The 7 Best Books of November

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November marks the end of baseball, the return of basketball, and contains one magical day when nobody will judge you for eating your body weight in turkey and mashed potatoes. But you’re going to need something to occupy yourself when your uncle starts talking politics over pumpkin pie, and you’re forced to leave the room before you start throwing cranberry sauce at him. This month, you can choose from the biography of a free-fallin' rock star from Florida, a short story collection by a hilarious Southern author, an unusual memoir from one of America’s best actresses, and more.

City of Clowns, Daniel Alarcón and Sheila Alvarado (Riverhead)
A young reporter in Peru is forced to deal with his family after the death of his estranged father, and then decides to write a story about the clowns who perform on the streets of Lima. This graphic novel is based on a short story from Alarcón’s critically acclaimed collection, War by Candlelight.

Not Dark Yet, Berit Ellingsen (Two Dollar Radio)
Norwegian writer Ellingsen tells the story of Brandon, a young ex-military member who moves to the mountains after breaking up with his boyfriend, and falls in with a group of people undertaking a challenging agricultural project. This is Ellingsen's second novel, and her first for acclaimed indie press Two Dollar Radio. 

Mj 390_294_writing on the rocks a reading list for drinking

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The Mare, Mary Gaitskill (Pantheon)
Known for her dark, disturbing short stories, Gaitskill switches gears with this novel about a Dominican girl from Brooklyn spending her summers in upstate New York with a troubled host family, and her relationship with the employees of a nearby horse stable. This is Gaitskill's first novel in ten years.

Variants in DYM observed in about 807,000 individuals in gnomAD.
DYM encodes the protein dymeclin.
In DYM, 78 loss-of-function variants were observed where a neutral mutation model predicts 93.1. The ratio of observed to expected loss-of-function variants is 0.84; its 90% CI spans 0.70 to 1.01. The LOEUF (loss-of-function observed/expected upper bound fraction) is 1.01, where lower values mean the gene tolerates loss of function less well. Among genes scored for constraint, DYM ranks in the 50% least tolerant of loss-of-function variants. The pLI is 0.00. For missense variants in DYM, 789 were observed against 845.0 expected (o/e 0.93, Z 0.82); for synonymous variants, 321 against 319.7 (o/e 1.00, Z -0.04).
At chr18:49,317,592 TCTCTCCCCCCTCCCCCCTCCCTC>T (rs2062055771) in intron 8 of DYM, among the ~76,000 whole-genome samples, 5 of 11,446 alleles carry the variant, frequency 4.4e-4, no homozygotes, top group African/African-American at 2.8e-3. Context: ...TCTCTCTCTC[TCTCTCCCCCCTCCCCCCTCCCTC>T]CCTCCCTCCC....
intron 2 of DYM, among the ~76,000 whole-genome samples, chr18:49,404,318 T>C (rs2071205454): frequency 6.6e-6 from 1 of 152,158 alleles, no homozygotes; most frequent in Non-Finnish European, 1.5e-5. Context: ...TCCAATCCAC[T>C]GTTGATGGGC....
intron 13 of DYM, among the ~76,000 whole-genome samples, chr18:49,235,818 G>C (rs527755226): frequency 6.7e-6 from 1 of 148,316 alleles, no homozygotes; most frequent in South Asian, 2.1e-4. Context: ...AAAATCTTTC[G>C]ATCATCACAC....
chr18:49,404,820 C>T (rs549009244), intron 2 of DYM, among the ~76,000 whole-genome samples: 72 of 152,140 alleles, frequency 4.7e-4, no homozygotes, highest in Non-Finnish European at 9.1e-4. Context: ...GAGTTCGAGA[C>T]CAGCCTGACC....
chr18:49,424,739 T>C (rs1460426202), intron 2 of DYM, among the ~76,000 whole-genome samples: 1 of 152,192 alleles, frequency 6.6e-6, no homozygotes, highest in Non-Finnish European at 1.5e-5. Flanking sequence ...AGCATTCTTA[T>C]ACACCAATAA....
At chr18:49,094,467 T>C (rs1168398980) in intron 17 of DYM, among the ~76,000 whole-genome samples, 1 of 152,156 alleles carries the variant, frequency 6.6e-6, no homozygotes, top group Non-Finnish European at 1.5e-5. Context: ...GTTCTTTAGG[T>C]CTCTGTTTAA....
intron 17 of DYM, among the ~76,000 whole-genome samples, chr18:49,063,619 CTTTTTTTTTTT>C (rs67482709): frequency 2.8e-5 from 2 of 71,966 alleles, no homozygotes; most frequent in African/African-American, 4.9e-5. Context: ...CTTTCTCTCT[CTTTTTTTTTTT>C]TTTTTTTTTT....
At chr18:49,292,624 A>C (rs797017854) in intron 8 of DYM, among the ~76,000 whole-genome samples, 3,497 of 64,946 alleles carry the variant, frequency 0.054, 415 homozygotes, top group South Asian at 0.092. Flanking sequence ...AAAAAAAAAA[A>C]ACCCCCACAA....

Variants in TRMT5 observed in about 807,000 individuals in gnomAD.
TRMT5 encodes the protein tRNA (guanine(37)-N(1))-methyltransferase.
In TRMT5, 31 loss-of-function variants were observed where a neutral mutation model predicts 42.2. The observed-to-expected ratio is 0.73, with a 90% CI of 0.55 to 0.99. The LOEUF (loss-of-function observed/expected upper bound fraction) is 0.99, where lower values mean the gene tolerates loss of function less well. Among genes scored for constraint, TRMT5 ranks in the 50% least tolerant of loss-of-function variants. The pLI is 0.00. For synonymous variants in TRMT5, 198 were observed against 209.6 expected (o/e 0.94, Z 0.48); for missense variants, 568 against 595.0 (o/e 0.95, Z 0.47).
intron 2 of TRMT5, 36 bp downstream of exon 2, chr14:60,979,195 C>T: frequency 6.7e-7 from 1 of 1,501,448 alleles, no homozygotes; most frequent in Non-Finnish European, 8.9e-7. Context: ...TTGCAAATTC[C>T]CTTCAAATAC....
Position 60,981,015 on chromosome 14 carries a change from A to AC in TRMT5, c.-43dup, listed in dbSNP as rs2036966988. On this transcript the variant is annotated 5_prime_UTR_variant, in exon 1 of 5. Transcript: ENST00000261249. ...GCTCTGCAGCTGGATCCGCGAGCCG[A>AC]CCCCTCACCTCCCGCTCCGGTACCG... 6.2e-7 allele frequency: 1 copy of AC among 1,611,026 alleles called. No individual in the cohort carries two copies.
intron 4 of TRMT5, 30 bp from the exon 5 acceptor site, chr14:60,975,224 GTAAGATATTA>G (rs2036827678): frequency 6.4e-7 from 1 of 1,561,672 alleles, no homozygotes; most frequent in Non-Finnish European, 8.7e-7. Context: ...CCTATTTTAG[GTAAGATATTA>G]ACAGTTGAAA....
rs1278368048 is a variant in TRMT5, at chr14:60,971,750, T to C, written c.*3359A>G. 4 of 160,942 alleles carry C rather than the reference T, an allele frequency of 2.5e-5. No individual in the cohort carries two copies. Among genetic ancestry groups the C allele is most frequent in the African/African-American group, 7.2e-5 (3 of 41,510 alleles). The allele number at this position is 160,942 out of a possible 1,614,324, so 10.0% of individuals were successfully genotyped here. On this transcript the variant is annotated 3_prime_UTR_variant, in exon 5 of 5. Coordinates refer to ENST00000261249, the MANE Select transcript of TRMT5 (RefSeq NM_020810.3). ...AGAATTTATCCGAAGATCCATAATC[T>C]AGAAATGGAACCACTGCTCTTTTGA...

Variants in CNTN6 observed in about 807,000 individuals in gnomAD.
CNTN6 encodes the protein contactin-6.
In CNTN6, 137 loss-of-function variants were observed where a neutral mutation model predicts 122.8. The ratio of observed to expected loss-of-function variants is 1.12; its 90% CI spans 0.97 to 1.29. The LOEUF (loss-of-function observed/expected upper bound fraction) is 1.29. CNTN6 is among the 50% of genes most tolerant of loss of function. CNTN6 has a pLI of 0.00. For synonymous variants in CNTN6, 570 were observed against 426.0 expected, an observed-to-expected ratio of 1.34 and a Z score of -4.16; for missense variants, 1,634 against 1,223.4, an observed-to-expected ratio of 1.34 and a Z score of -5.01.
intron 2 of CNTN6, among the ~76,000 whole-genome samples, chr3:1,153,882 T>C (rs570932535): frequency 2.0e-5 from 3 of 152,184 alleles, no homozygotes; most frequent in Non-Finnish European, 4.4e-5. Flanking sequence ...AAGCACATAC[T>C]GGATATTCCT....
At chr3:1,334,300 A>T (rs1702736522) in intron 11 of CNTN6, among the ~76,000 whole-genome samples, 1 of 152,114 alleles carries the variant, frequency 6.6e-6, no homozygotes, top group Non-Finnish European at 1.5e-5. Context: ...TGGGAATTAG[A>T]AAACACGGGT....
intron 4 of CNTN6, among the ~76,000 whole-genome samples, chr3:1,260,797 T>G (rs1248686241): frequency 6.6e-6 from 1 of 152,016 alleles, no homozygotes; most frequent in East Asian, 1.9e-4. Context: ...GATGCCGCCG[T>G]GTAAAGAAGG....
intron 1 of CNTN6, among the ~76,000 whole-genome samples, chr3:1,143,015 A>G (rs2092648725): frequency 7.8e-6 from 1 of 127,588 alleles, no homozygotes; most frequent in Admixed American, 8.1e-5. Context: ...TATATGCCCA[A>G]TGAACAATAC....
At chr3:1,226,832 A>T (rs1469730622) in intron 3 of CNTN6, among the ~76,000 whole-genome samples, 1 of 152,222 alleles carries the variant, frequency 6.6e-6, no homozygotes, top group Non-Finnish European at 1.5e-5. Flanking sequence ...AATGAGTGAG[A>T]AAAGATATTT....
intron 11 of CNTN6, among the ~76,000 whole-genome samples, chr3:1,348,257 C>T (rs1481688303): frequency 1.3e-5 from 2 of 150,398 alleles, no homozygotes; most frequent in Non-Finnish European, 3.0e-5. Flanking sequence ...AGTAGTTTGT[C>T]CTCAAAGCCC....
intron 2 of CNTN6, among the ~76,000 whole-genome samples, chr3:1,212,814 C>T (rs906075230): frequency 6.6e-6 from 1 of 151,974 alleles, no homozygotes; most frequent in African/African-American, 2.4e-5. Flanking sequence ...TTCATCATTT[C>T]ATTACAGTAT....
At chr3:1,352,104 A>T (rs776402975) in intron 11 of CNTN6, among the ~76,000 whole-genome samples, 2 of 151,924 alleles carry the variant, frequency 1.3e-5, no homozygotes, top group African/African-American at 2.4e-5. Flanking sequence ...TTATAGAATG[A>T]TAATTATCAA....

Twain & Stanley Enter Paradise, Oscar Hijuelos (Grand Central)
Legendary author Mark Twain and explorer Sir Henry Morton Stanley were real-life friends for almost 40 years, and their relationship is given a fictional treatment in this final novel from the late Pulitzer Prize–winning author Oscar Hijuelos (The Mambo Kings Play Songs of Love), who died suddenly in 2013 at the age of 62.

Dear Mr. You, Mary-Louise Parker (Scribner)
The star of Weeds and Boys on the Side makes her literary debut with an unusual memoir told through letters Parker writes to men, both real and imaginary: an acting teacher, a priest, a firefighter, and even Cerberus, the multi-headed dog from Greek mythology who stands guard at the gates of hell.

Calloustown, George Singleton (Dzanc)
George Singleton might well be America's funniest short story writer, and he's displayed his comic genius in books like These People Are Us and Why Dogs Chase Cars. His new collection features tales set in the fictional title town, and features his original, hilarious takes on family, religion, and much more.

Petty: The Biography, Warren Zanes (Henry Holt and Co.)
There's a Southern accent where Tom Petty comes from. This new biography explores Petty's upbringing in Gainesville, Florida, and his journey from young Elvis fan to the king of Southern rock and roll. Author Zanes is a friend of Petty’s and a founding member of the garage-rock band the Del Fuegos.


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